By Steve Scauzillo, San Gabriel Valley Tribune
I walked into the Big 5 in Pasadena and waited for the young man to finish his negotiation with the salesman. He was buying bullets, presumably to hunt animals or target shoot.
“Just a second. I’ll be right with you,” said the clerk.
When he asked how he could help me, I became aware of the distinction.
“I need some good binoculars to watch birds,” I told him.
A few days later I stowed in my car the new binoculars with my camera and my largest lens, plus a birding scope and my trusty Audubon book on birds of North America. My wife, Karen, and I set out for Morro Bay, in particular, the Morro Bay National Estuary, where shorebirds and birds of prey are abundant. In short, a great place for bird watching.
I’m always skittish when I say that’s the reason I went to Morro Bay or why I like hanging out at Hahamongna Watershed Park.
“My wife and I enjoy bird watching.” I always get looks like you’re somehow not as tough as that guy in front of me at the counter at Big 5.
But when I’m watching a bird in my scope, I’m lost in the moment for what seems like hours. I quickly forget about what anybody thinks.
A bird’s detailed plumage can fill up a painter’s palette. So many shades of blue, orange, red, black. That’s a world opened up to me only through high-powered lenses.
A bird’s behavior can be remarkable, curious, fascinating or mundane. In flight, each bird flies differently.
Studying birds as they flew helped Orville and Wilbur Wright design the first flying machine. As documented in the two-time Pulitzer Prize winner David McCullough’s inspiring book “The Wright Brothers,” Wilbur spent hours on the sands of Kitty Hawk, studying turkey vultures (he called them buzzards), gannets, hawks and eagles in flight.
“The reality of what birds could do —the miracle of birds — remained a subject of continuing importance of and fascination …” McCullough wrote. Sometimes people would watch Wilbur flapping his wings like a bird and laugh.
So I’m in good company.
I walked the strand that curls around Morrow Rock with a purpose: to see the peregrine falcon, the bird that tops all birds of prey. The king of kings in flight, capable of reaching speeds of 240 miles per hour. That’s right! That makes the peregrine falcon the fastest animal on the earth.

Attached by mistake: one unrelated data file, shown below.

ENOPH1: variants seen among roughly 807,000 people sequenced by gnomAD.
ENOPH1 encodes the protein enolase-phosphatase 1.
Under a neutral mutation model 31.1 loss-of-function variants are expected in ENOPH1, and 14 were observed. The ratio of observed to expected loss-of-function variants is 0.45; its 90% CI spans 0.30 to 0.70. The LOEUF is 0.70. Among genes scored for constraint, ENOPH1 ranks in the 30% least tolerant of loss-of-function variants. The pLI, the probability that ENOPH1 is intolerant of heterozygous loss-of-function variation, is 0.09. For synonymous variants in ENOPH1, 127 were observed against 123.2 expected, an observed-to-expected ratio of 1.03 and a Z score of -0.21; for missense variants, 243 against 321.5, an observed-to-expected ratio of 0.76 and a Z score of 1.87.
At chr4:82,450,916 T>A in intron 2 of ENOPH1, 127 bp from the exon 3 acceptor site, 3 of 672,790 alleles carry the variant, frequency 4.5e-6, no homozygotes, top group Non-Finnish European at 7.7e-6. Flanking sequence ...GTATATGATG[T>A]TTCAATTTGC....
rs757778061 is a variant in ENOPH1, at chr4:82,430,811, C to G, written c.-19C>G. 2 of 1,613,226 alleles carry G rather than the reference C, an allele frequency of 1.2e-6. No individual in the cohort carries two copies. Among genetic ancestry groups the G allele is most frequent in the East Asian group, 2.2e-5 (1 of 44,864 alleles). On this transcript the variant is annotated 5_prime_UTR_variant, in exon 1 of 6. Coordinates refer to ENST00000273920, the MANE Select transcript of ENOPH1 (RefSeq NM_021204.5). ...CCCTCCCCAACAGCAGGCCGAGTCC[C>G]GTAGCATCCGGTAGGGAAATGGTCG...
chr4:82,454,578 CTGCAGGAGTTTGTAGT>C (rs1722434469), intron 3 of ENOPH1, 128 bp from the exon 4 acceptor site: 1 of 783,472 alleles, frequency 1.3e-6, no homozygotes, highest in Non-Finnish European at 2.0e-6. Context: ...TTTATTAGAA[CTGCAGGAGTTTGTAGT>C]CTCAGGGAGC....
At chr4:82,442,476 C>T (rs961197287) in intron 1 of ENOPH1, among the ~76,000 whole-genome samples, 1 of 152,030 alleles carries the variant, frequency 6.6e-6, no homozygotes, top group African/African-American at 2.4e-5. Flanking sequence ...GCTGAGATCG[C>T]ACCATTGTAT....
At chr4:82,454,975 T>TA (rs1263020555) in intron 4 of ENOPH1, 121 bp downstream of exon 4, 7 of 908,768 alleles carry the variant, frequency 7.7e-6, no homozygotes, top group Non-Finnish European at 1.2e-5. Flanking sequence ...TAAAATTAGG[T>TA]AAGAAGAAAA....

They eat other birds by snatching them out of the air. It’s called stooping. A peregrine strafes an area populated by shorebirds and then when it eyes its potential victim, descends into a vertical warp speed dive until bam! It literally connects with its dinner.
“I can take you to where they’re at,” said a man wearing shorts, a T-shirt and a warm smile.
I knew from the museum curator that the peregrines nest in Morrow Rock, a volcanic outcropping almost twice the height of the Statue of Liberty. Peregrines like high places. For stooping.
“There,” he said, pointing to a rock ledge near the top. I trained my scope on it and could clearly see the white-breasted bird with a black head and sideburns standing tall, peering over the bay like a king overlooking its kingdom. Then, as my wife was watching through the binoculars (the ones I bought at Big 5), it leapt into the air and was gone. Flying so fast, we lost sight of it over the circuitous shoreline.
I added a peregrine to my lifetime bird list. But more than that, I was slain by the experience.
To think we almost lost these birds. Not to hunters, but to farmers who used DDT, a pesticide eventually banned by the EPA. Now, according to Kimball L. Garrett, ornithology collection manager at the Natural History Museum of Los Angeles County, they have been seen in greater numbers since the 1980s, sometimes on shore cliffs, often nesting in skyscrapers.
“I see them fly by the museum,” he said.
If they or their kind weren’t around for the Wright Brothers to examine, would we have manned flight today?
Steve Scauzillo covers environment and transportation for the Southern California News Group. He is the 13th winner of the Aldo Leopold Award for Distinguished Editorial Writing. Follow him on Twitter @stevscaz or email him at firstname.lastname@example.org.